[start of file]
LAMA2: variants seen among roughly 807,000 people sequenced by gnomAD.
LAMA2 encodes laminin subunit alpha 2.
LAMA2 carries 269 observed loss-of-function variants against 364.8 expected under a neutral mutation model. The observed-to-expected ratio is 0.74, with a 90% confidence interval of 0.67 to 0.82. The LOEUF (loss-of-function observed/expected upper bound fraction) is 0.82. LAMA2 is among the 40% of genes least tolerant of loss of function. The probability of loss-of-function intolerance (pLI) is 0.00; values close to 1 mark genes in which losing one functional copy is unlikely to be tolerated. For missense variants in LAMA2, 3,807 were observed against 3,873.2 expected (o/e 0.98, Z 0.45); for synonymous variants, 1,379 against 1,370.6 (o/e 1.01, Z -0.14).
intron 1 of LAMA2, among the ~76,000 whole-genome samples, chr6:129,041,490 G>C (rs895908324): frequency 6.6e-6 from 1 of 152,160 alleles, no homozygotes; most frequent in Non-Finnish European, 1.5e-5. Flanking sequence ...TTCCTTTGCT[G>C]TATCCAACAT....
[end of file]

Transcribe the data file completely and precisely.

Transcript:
LAMA2: variants seen among roughly 807,000 people sequenced by gnomAD.
LAMA2 encodes laminin subunit alpha 2.
LAMA2 carries 269 observed loss-of-function variants against 364.8 expected under a neutral mutation model. The observed-to-expected ratio is 0.74, with a 90% confidence interval of 0.67 to 0.82. The LOEUF (loss-of-function observed/expected upper bound fraction) is 0.82. LAMA2 is among the 40% of genes least tolerant of loss of function. The probability of loss-of-function intolerance (pLI) is 0.00; values close to 1 mark genes in which losing one functional copy is unlikely to be tolerated. For missense variants in LAMA2, 3,807 were observed against 3,873.2 expected (o/e 0.98, Z 0.45); for synonymous variants, 1,379 against 1,370.6 (o/e 1.01, Z -0.14).
intron 1 of LAMA2, among the ~76,000 whole-genome samples, chr6:129,041,490 G>C (rs895908324): frequency 6.6e-6 from 1 of 152,160 alleles, no homozygotes; most frequent in Non-Finnish European, 1.5e-5. Flanking sequence ...TTCCTTTGCT[G>C]TATCCAACAT....